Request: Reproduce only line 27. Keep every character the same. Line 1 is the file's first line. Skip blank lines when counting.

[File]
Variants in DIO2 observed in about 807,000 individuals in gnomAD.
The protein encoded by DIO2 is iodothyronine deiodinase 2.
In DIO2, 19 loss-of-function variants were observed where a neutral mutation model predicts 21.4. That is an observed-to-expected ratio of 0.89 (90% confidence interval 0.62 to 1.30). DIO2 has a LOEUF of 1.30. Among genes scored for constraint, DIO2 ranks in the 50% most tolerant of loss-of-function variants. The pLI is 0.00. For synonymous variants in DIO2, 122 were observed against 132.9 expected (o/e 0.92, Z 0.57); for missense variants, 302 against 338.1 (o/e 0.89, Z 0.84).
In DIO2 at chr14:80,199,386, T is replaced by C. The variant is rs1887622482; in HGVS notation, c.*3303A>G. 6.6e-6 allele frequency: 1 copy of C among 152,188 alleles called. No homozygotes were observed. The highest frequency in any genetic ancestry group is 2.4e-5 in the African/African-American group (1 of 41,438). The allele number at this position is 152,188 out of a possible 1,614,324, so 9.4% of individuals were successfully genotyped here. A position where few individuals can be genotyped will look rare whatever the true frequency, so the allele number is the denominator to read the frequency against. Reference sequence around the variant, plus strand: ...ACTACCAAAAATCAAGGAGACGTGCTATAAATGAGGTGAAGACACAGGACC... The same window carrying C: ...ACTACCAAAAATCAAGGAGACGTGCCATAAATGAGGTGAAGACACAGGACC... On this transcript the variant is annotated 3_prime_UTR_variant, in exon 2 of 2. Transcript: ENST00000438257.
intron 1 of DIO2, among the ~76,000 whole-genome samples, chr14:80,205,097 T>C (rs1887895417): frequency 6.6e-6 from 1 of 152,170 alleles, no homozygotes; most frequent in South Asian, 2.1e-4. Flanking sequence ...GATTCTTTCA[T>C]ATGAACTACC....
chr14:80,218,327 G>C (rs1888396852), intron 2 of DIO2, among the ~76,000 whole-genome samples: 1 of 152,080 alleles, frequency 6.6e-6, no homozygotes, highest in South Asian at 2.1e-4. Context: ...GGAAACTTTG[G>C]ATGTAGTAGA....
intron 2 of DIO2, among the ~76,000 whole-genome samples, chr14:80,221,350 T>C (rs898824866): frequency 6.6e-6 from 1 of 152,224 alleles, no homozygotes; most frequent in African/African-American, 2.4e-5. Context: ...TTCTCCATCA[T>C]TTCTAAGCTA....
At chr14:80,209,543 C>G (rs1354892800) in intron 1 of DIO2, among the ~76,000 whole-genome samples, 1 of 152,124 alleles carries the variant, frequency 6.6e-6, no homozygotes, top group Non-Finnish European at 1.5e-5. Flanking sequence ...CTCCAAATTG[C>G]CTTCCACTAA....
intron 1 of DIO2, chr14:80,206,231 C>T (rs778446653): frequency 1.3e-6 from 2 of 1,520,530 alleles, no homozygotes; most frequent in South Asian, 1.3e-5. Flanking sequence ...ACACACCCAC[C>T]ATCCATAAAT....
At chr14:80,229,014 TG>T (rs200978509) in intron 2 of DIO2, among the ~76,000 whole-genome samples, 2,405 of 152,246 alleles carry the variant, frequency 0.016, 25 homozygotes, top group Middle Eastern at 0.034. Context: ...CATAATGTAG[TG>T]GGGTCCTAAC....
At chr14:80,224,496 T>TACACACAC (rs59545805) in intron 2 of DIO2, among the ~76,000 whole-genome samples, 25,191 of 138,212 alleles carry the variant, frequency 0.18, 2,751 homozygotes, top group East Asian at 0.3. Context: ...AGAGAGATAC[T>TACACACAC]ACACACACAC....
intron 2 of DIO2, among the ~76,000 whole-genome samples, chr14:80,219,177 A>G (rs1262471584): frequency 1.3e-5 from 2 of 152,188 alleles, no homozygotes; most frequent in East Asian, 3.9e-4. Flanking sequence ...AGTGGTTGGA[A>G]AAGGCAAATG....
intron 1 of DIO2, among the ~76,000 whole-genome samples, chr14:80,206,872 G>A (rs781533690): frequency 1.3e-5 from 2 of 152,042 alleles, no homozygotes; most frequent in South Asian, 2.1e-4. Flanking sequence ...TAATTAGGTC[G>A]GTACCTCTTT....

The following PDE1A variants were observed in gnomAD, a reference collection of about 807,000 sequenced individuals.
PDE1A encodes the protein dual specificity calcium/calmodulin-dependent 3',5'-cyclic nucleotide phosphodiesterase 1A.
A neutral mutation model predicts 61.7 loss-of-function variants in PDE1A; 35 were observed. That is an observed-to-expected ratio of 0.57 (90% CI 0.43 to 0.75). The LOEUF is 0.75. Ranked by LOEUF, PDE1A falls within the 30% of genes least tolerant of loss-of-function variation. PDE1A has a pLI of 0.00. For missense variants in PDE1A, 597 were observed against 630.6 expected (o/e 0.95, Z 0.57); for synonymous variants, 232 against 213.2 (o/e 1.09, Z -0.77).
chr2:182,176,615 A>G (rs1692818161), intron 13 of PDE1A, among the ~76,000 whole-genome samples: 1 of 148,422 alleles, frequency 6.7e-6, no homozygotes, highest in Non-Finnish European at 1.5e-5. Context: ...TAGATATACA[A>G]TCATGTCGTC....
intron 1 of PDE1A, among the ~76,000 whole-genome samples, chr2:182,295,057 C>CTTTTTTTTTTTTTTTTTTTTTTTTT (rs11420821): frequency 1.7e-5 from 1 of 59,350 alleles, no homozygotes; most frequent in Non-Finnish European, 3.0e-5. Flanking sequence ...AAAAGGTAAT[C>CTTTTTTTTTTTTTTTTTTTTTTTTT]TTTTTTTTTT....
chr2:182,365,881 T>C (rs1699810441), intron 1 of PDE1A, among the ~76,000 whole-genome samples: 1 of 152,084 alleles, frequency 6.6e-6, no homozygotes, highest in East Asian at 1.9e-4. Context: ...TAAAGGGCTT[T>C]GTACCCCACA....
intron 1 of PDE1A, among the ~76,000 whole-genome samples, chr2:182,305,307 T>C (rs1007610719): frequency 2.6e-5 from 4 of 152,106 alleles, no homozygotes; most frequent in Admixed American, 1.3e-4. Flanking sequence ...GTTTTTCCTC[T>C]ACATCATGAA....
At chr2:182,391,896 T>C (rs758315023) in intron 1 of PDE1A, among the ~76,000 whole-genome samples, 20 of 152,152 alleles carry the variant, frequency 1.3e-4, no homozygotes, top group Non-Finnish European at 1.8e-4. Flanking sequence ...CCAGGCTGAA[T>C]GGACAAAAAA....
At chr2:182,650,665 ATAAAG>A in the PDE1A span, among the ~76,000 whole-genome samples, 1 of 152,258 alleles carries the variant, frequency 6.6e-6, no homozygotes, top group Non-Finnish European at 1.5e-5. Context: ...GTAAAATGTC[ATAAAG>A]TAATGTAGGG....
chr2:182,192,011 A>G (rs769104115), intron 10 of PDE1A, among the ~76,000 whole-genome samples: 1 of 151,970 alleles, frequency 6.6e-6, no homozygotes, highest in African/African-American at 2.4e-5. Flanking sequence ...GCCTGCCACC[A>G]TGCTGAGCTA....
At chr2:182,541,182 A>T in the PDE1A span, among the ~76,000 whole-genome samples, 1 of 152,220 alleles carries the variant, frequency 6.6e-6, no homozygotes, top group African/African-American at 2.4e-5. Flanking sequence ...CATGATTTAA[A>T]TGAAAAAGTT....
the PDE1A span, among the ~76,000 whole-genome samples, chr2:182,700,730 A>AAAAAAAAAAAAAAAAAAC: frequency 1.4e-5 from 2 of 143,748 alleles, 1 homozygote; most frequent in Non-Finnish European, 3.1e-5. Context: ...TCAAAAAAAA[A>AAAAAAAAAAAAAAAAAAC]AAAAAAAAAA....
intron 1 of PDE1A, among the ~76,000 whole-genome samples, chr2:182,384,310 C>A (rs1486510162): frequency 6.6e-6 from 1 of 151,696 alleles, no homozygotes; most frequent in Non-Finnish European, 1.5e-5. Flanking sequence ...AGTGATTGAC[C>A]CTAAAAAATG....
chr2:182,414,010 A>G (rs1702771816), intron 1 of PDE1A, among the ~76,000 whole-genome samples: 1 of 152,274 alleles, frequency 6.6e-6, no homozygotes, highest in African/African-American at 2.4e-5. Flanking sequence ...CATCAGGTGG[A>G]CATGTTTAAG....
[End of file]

chr2:182,414,010 A>G (rs1702771816), intron 1 of PDE1A, among the ~76,000 whole-genome samples: 1 of 152,274 alleles, frequency 6.6e-6, no homozygotes, highest in African/African-American at 2.4e-5. Flanking sequence ...CATCAGGTGG[A>G]CATGTTTAAG....